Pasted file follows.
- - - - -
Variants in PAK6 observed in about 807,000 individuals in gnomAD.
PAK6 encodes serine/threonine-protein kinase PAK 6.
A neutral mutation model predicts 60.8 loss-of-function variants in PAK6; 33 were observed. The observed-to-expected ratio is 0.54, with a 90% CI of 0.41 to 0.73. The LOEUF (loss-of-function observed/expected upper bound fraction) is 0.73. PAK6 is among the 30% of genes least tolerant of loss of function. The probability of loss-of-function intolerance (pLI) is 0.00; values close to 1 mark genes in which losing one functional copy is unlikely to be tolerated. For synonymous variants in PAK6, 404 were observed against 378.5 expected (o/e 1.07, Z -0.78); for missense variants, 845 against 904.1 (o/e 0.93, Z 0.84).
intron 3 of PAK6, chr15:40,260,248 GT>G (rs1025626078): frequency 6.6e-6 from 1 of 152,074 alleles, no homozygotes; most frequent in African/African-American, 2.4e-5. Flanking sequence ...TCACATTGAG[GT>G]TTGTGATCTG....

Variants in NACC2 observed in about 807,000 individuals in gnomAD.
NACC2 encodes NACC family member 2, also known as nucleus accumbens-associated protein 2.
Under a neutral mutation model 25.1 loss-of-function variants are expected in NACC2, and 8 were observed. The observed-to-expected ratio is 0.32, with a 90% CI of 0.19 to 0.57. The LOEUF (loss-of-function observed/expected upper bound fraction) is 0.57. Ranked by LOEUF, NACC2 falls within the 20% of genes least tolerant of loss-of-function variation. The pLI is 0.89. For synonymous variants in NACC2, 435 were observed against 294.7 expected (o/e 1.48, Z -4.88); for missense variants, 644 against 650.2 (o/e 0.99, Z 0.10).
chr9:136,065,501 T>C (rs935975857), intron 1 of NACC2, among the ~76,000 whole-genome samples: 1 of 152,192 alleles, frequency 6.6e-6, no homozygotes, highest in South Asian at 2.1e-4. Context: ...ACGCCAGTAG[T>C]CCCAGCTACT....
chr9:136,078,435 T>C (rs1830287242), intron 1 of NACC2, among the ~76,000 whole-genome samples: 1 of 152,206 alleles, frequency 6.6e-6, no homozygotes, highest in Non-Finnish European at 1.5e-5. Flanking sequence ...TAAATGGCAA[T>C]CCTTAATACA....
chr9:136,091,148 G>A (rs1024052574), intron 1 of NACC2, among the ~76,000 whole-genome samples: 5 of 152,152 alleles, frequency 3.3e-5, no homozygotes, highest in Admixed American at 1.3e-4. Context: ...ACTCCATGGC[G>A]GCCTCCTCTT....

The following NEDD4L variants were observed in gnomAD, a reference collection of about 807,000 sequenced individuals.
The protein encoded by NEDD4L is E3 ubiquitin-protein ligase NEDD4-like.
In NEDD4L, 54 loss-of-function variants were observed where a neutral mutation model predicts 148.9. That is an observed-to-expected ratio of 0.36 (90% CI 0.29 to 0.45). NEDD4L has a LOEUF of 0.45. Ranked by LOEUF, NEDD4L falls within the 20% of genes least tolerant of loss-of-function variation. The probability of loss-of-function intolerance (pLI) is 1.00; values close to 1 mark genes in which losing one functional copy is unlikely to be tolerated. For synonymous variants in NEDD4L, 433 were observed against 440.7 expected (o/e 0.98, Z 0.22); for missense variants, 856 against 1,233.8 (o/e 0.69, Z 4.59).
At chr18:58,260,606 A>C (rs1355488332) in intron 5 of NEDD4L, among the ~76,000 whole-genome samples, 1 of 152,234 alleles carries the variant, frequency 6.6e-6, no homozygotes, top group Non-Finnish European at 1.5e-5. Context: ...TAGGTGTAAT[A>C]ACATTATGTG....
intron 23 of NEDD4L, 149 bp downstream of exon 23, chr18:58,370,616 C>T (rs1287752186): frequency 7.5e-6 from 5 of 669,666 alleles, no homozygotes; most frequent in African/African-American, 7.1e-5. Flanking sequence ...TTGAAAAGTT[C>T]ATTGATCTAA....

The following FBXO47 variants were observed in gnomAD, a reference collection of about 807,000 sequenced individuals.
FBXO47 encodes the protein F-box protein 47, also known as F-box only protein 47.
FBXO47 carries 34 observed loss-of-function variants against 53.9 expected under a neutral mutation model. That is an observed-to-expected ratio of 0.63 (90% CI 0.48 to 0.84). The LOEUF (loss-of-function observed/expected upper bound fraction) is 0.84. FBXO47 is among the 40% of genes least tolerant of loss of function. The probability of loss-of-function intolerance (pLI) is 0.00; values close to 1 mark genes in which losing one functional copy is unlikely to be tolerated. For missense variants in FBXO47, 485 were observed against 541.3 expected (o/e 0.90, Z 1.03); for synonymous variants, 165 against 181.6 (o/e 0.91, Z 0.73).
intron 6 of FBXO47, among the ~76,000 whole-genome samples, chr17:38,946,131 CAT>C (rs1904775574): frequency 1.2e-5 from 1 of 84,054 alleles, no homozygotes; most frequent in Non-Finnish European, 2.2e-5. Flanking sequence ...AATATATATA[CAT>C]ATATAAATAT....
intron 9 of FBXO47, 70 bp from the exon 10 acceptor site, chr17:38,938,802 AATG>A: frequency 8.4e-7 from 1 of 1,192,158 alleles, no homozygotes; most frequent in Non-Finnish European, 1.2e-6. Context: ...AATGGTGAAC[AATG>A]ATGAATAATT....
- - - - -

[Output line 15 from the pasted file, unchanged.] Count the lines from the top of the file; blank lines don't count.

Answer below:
intron 23 of NEDD4L, 149 bp downstream of exon 23, chr18:58,370,616 C>T (rs1287752186): frequency 7.5e-6 from 5 of 669,666 alleles, no homozygotes; most frequent in African/African-American, 7.1e-5. Flanking sequence ...TTGAAAAGTT[C>T]ATTGATCTAA....